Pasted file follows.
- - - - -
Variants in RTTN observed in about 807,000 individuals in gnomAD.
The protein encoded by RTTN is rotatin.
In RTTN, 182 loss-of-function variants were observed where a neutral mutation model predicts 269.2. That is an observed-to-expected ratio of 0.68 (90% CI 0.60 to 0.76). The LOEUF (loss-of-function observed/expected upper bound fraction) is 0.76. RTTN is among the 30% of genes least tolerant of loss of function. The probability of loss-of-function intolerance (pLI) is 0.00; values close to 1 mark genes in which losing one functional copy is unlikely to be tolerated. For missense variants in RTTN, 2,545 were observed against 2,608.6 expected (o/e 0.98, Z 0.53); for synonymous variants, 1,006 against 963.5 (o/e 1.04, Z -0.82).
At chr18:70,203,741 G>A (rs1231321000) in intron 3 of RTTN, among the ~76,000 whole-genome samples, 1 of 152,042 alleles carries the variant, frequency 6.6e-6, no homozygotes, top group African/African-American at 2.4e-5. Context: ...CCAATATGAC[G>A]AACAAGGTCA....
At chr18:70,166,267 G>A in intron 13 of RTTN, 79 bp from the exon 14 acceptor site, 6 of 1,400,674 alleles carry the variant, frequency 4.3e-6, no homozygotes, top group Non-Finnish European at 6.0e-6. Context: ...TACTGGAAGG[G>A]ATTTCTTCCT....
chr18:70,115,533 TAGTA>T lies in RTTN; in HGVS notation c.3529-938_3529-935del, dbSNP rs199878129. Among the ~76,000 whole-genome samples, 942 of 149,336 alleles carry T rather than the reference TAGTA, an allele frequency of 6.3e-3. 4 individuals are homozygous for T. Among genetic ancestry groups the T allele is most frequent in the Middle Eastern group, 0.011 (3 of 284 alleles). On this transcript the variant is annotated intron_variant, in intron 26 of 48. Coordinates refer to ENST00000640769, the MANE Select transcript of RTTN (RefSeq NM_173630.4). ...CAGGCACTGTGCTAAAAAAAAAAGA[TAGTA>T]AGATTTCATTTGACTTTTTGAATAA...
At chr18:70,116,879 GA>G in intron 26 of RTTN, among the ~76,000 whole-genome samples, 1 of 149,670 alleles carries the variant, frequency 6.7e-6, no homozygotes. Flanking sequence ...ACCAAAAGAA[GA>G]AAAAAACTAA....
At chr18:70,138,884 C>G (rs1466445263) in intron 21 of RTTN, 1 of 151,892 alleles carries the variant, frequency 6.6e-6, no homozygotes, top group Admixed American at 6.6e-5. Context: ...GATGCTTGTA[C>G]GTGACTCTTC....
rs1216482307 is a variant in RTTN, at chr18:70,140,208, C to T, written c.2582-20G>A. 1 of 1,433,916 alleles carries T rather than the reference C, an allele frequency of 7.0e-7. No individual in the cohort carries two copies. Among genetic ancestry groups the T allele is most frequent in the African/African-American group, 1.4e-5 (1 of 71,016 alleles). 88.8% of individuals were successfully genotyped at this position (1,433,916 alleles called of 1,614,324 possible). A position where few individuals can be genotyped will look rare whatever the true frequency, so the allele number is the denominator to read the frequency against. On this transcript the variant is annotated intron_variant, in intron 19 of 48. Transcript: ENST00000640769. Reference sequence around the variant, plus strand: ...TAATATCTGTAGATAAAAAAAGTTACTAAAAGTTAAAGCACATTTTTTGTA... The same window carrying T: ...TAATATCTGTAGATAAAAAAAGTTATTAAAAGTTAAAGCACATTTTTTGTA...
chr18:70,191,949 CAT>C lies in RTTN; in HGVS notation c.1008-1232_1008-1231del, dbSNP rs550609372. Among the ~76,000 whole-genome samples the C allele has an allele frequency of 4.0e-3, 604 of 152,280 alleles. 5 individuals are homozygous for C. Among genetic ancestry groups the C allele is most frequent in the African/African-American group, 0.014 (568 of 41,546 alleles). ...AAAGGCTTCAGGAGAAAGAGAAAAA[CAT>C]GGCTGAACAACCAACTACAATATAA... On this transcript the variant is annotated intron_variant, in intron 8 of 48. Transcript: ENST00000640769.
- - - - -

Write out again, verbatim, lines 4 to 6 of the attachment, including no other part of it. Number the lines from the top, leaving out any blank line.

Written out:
At chr18:70,203,741 G>A (rs1231321000) in intron 3 of RTTN, among the ~76,000 whole-genome samples, 1 of 152,042 alleles carries the variant, frequency 6.6e-6, no homozygotes, top group African/African-American at 2.4e-5. Context: ...CCAATATGAC[G>A]AACAAGGTCA....
At chr18:70,166,267 G>A in intron 13 of RTTN, 79 bp from the exon 14 acceptor site, 6 of 1,400,674 alleles carry the variant, frequency 4.3e-6, no homozygotes, top group Non-Finnish European at 6.0e-6. Context: ...TACTGGAAGG[G>A]ATTTCTTCCT....
chr18:70,115,533 TAGTA>T lies in RTTN; in HGVS notation c.3529-938_3529-935del, dbSNP rs199878129. Among the ~76,000 whole-genome samples, 942 of 149,336 alleles carry T rather than the reference TAGTA, an allele frequency of 6.3e-3. 4 individuals are homozygous for T. Among genetic ancestry groups the T allele is most frequent in the Middle Eastern group, 0.011 (3 of 284 alleles). On this transcript the variant is annotated intron_variant, in intron 26 of 48. Coordinates refer to ENST00000640769, the MANE Select transcript of RTTN (RefSeq NM_173630.4). ...CAGGCACTGTGCTAAAAAAAAAAGA[TAGTA>T]AGATTTCATTTGACTTTTTGAATAA...